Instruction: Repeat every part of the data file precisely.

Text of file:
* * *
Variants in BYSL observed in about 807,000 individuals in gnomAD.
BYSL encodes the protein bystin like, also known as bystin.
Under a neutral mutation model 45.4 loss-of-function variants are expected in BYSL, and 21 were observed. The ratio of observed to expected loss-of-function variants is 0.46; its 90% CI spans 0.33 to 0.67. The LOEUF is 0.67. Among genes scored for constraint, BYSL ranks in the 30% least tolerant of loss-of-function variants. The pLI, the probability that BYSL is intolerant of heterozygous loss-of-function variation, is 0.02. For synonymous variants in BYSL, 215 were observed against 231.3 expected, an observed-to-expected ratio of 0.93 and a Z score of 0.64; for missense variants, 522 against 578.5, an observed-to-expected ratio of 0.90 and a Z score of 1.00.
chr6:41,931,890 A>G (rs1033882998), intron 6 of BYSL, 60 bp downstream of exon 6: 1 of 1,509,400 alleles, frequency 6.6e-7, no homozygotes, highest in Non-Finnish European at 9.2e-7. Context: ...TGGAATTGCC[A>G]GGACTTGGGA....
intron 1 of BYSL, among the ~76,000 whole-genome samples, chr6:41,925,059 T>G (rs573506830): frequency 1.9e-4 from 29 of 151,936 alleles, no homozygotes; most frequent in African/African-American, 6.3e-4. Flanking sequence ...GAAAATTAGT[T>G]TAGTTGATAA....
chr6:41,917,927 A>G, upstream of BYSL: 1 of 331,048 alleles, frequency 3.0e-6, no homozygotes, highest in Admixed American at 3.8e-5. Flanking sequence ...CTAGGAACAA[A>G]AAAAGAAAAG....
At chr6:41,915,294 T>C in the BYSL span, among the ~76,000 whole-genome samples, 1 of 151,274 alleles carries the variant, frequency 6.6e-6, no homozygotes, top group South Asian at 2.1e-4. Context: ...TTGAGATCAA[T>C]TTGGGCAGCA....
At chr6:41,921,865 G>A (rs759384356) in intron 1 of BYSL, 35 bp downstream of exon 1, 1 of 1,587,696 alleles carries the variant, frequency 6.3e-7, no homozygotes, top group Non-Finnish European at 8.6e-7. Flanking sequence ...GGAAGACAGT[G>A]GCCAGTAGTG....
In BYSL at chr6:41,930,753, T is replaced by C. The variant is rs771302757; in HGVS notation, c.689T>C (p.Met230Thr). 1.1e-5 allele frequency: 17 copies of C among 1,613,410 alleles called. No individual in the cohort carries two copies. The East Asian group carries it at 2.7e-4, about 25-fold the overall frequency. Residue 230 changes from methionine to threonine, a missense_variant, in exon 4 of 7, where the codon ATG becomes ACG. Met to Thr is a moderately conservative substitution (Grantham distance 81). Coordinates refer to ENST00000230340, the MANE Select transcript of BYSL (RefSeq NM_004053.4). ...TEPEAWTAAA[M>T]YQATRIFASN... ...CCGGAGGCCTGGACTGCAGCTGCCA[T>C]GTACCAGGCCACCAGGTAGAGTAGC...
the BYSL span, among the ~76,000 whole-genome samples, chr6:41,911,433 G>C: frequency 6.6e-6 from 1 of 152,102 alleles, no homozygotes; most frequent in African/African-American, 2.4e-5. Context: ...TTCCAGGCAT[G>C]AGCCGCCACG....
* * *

Variants in BYSL observed in about 807,000 individuals in gnomAD.
BYSL encodes the protein bystin like, also known as bystin.
Under a neutral mutation model 45.4 loss-of-function variants are expected in BYSL, and 21 were observed. The ratio of observed to expected loss-of-function variants is 0.46; its 90% CI spans 0.33 to 0.67. The LOEUF is 0.67. Among genes scored for constraint, BYSL ranks in the 30% least tolerant of loss-of-function variants. The pLI, the probability that BYSL is intolerant of heterozygous loss-of-function variation, is 0.02. For synonymous variants in BYSL, 215 were observed against 231.3 expected, an observed-to-expected ratio of 0.93 and a Z score of 0.64; for missense variants, 522 against 578.5, an observed-to-expected ratio of 0.90 and a Z score of 1.00.
chr6:41,931,890 A>G (rs1033882998), intron 6 of BYSL, 60 bp downstream of exon 6: 1 of 1,509,400 alleles, frequency 6.6e-7, no homozygotes, highest in Non-Finnish European at 9.2e-7. Context: ...TGGAATTGCC[A>G]GGACTTGGGA....
intron 1 of BYSL, among the ~76,000 whole-genome samples, chr6:41,925,059 T>G (rs573506830): frequency 1.9e-4 from 29 of 151,936 alleles, no homozygotes; most frequent in African/African-American, 6.3e-4. Flanking sequence ...GAAAATTAGT[T>G]TAGTTGATAA....
chr6:41,917,927 A>G, upstream of BYSL: 1 of 331,048 alleles, frequency 3.0e-6, no homozygotes, highest in Admixed American at 3.8e-5. Flanking sequence ...CTAGGAACAA[A>G]AAAAGAAAAG....
At chr6:41,915,294 T>C in the BYSL span, among the ~76,000 whole-genome samples, 1 of 151,274 alleles carries the variant, frequency 6.6e-6, no homozygotes, top group South Asian at 2.1e-4. Context: ...TTGAGATCAA[T>C]TTGGGCAGCA....
At chr6:41,921,865 G>A (rs759384356) in intron 1 of BYSL, 35 bp downstream of exon 1, 1 of 1,587,696 alleles carries the variant, frequency 6.3e-7, no homozygotes, top group Non-Finnish European at 8.6e-7. Flanking sequence ...GGAAGACAGT[G>A]GCCAGTAGTG....
In BYSL at chr6:41,930,753, T is replaced by C. The variant is rs771302757; in HGVS notation, c.689T>C (p.Met230Thr). 1.1e-5 allele frequency: 17 copies of C among 1,613,410 alleles called. No individual in the cohort carries two copies. The East Asian group carries it at 2.7e-4, about 25-fold the overall frequency. Residue 230 changes from methionine to threonine, a missense_variant, in exon 4 of 7, where the codon ATG becomes ACG. Met to Thr is a moderately conservative substitution (Grantham distance 81). Coordinates refer to ENST00000230340, the MANE Select transcript of BYSL (RefSeq NM_004053.4). ...TEPEAWTAAA[M>T]YQATRIFASN... ...CCGGAGGCCTGGACTGCAGCTGCCA[T>C]GTACCAGGCCACCAGGTAGAGTAGC...
the BYSL span, among the ~76,000 whole-genome samples, chr6:41,911,433 G>C: frequency 6.6e-6 from 1 of 152,102 alleles, no homozygotes; most frequent in African/African-American, 2.4e-5. Context: ...TTCCAGGCAT[G>C]AGCCGCCACG....